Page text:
Figure 1. Widmanstätten pattern in a Gibeon Meteorite (Berahas Etchant, 25X)[1]. Photomicrograph is the exclusive property of Aston Metallurgical Services Company, Inc. and is used by permission of Mr. Alan Stone (all rights reserved).

“I’ve heard the term ‘Widmanstätten structure’ but never seen one. What is this?”

Count Alois von Beckh Widmanstätten is the man for whom these structures are named, but it was a curious scientist by the name of Thompson who, in the process of cleaning rust from a meteorite, first observed and recorded a strange new structure now most commonly known as a Widmanstätten pattern (Fig. 1).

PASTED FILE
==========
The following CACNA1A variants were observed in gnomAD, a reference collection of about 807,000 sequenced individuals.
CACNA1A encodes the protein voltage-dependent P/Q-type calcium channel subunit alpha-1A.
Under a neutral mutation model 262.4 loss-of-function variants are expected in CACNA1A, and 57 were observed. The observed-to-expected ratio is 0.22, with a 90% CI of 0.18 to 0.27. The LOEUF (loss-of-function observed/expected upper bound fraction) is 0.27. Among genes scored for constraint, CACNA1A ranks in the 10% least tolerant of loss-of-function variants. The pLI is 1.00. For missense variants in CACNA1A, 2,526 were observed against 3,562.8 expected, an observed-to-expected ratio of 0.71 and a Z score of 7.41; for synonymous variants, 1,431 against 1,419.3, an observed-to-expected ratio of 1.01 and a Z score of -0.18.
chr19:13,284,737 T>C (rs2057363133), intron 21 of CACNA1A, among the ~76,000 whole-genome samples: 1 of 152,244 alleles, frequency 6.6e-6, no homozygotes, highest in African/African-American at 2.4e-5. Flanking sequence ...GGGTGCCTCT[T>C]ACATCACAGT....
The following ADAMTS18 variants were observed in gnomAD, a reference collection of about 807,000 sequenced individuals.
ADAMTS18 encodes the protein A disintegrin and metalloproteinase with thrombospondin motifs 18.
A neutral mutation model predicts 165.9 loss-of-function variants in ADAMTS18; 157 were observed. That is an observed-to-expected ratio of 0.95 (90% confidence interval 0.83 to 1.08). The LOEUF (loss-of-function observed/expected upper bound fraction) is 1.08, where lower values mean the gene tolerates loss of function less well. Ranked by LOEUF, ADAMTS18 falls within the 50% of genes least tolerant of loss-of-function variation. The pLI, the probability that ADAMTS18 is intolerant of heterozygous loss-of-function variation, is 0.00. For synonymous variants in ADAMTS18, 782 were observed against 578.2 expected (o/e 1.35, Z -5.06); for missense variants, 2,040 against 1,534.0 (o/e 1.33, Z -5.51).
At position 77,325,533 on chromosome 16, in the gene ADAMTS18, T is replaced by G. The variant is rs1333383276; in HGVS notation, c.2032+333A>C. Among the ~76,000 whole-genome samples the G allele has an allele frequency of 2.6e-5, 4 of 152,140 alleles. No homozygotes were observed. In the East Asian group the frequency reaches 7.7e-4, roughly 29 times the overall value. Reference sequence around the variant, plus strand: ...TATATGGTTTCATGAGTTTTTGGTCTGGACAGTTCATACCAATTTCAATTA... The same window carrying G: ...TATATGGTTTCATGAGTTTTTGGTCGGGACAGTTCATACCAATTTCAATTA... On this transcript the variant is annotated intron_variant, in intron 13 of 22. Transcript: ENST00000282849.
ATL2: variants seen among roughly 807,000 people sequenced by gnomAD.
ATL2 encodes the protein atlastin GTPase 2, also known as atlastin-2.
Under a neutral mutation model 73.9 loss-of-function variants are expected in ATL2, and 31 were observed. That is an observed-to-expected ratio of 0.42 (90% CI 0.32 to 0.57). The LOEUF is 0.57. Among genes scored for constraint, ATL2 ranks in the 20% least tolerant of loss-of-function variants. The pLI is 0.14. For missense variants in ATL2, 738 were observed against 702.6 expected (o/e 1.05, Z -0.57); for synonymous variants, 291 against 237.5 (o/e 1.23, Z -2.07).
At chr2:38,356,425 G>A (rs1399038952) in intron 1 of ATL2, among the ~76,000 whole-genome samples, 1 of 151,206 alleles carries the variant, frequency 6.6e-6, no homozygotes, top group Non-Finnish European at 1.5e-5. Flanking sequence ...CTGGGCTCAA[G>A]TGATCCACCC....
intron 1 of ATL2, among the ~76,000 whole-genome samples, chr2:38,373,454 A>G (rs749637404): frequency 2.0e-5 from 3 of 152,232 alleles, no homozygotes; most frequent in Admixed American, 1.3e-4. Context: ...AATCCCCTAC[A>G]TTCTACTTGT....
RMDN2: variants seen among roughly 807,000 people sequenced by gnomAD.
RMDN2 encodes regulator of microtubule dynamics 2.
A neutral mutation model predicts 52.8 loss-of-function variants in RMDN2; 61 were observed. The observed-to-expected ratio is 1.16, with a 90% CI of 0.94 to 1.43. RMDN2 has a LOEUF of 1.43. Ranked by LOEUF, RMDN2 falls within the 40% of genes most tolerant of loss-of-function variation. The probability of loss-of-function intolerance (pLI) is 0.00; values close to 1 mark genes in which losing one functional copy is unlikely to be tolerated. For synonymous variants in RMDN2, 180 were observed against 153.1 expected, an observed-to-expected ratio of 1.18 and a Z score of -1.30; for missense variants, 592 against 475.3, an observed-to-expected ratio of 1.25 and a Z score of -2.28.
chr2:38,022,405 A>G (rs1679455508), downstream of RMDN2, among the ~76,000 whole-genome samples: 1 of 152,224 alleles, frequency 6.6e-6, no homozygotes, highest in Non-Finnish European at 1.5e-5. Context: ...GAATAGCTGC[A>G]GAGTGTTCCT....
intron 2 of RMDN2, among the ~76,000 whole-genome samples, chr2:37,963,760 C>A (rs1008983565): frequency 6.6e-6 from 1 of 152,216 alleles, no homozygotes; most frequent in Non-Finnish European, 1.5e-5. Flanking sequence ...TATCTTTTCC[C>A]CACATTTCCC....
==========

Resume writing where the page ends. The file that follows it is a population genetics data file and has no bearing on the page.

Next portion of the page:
Formally, a Widmanstätten structure is a microstructure resulting when steel is cooled (e.g., after welding) from extremely high temperatures faster than a certain critical rate. The structure is characterized by a geometric pattern resulting from the formation of a new phase along certain crystallographic planes in the parent phase. In general, it consists of ferrite and sometimes pearlite (Fig. 2) in what is often described as a cross-hatched pattern.

Figure 2. Widmanstätten Structure in SAE 4145H Material. Fine Widmanstätten ferrite and pearlite resulting from a hot forming process conducted well above A3. Islands of pearlite can also be seen.

Widmänstatten ferrite plates can be observed in a matrix quenched to martensite and are often confused with (upper) bainitic ferrite laths.